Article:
At its center isChina Huarong Asset Management Co., the state financial company that Lai lorded over until getting ensnared in a sweeping crackdown on corruption by China’s leader, Xi Jinping.

From Hong Kong to London to New York, questions burn. Will the Chinese government stand behind $23.2 billion that Lai borrowed on overseas markets — or will international bond investors have to swallow losses? Are key state-owned enterprises like Huarong still too big to fail, as global finance has long assumed – or will these companies be allowed to stumble, just like anyone else?

The answers will have huge implications for China and markets across Asia. Should Huarong fail to pay back its debts in full, the development would cast doubt over a core tenet of Chinese investment: the assumed government backing for important state-owned enterprises, or SOEs.

“A default at a central state-owned company like Huarong is unprecedented,” said Owen Gallimore, head of credit strategy at Australia & New Zealand Banking Group. Should one occur, he said, it would mark “a watershed moment” for Chinese and Asian credit markets.

Not since the Asian financial crisis of the late 1990s has the issue weighed so heavily. Huarong bonds — among the most widely held SOE debt worldwide — recently fell to a record low of about 52 cents on the dollar. That’s not the pennies on a dollar normally associated with deeply troubled companies elsewhere, but it’s practically unheard of for an SOE.

Time is short. All told, Huarong owes bondholders at home and abroad the equivalent of $42 billion. Some $17.1 billion of that falls due by the end of 2022, according to Bloomberg-compiled data.

Huarong Bonds Tank

It wasn’t supposed to be this way. Huarong was created in the aftermath of the ‘90s Asian collapse to avert another crisis, not cause one. The idea was to contain a swelling wave of bad loans threatening Chinese banks. Huarong was to serve as a “bad bank,” a safe repository for the billions in souring loans made to state companies.

Along with three other bad banks, Huarong swapped delinquent debts for stakes in hundreds of big SOEs and, in the process, helped turn around chronic money-losers like the giant China Petroleum & Chemical Corp.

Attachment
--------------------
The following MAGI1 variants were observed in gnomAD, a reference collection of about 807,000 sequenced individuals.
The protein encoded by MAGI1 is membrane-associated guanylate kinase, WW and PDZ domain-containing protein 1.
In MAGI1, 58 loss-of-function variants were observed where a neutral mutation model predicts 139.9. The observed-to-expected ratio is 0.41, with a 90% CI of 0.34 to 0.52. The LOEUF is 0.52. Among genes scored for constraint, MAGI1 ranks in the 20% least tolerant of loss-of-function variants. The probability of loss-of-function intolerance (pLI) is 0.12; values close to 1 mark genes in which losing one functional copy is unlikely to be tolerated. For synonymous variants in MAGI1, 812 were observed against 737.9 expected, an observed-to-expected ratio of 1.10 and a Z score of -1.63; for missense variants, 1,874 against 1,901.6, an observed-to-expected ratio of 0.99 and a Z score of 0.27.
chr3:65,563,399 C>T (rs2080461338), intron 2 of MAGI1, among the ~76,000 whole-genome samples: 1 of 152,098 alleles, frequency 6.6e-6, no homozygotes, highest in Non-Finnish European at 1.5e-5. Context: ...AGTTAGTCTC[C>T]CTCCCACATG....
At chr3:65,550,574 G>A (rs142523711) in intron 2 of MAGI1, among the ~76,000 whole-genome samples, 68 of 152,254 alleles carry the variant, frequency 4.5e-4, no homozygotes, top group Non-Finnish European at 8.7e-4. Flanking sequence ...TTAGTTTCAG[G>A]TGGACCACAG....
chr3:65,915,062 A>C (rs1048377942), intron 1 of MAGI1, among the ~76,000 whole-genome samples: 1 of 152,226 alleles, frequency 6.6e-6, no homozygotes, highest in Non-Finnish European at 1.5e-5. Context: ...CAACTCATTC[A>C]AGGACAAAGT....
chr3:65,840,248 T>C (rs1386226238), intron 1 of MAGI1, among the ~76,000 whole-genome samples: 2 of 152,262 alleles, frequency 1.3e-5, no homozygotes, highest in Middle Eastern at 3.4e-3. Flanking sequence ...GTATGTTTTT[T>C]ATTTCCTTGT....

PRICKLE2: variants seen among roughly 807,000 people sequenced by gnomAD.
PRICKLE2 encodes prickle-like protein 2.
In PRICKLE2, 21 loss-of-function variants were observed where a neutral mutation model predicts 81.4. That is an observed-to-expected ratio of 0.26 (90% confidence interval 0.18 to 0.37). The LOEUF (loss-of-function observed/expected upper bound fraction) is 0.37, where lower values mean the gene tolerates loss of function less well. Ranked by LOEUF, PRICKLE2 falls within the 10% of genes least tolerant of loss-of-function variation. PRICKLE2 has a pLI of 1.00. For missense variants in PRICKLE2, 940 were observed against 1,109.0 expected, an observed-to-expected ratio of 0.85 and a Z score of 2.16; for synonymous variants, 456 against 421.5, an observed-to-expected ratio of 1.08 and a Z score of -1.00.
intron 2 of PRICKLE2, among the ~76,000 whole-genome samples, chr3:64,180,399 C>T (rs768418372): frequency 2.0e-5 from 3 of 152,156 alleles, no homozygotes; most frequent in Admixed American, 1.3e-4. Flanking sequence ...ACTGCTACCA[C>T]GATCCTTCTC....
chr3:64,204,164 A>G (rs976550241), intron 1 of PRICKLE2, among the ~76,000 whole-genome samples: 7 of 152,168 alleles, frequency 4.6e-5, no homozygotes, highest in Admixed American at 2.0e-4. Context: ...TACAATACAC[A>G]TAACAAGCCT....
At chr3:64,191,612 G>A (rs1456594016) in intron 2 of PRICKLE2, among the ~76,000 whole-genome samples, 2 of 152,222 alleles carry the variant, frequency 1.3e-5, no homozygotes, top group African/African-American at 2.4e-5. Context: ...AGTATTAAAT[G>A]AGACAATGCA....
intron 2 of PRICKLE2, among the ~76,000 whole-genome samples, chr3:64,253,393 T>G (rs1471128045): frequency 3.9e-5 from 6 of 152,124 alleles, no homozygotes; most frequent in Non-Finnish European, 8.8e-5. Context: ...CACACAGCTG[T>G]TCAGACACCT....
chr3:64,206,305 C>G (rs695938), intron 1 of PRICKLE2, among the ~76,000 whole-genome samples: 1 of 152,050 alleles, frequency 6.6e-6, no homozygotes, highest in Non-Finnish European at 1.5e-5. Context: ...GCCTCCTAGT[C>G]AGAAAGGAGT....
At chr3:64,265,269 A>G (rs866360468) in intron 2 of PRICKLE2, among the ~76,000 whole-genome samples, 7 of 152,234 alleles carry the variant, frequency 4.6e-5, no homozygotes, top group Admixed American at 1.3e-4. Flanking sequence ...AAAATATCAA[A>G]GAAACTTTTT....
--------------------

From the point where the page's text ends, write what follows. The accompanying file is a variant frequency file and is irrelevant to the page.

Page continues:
After Lai took over in 2012, Huarong reached for more, pushing into investment banking, trusts, real estate and positioning itself as a key player in China’s $54 trillion financial industry.

Before long, global banks came knocking. In 2013, for instance, Shane Zhang, co-head of Asia-Pacific investment banking at Morgan Stanley, met with Lai. Zhang said his company was “very optimistic” about the future of Huarong, according to a statement posted on Huarong’s website at the time.

Before Huarong went public in Hong Kong in 2015, it sold a $2.4 billion stake to a group of investors including Warburg Pincus, Goldman Sachs Group Inc., and Malaysia’s sovereign wealth fund. BlackRock Inc. and Vanguard Group acquired lots of stock too, according to data compiled by Bloomberg. The stock has collapsed 67% since its listing.

Lai had no trouble financing his grand ambitions. A big reason: Everyone thought Beijing would always stand behind a key company like Huarong. It easily borrowed money in the offshore market at rates as low as 2.1%. It borrowed still more in the domestic interbank market. Along the way Lai transformed Huarong into a powerful shadow lender, extending credit to companies that banks turned away.

The truth was darker. Lai, a former senior official at the nation’s banking regulator, doled out loans with little oversight from his board or risk management committee.

One Huarong credit officer said Lai personally called the shots on most of the offshore corporate loans underwritten by her division.

Money also flowed to projects disguised as parts of China’s push to build railroads, ports and more around the world – the so-called Belt and Road Initiative, according to an executive at a state bank. Huarong didn’t immediately reply to questions on its lending practices.

Given Lai’s fate, both people spoke on the condition of anonymity.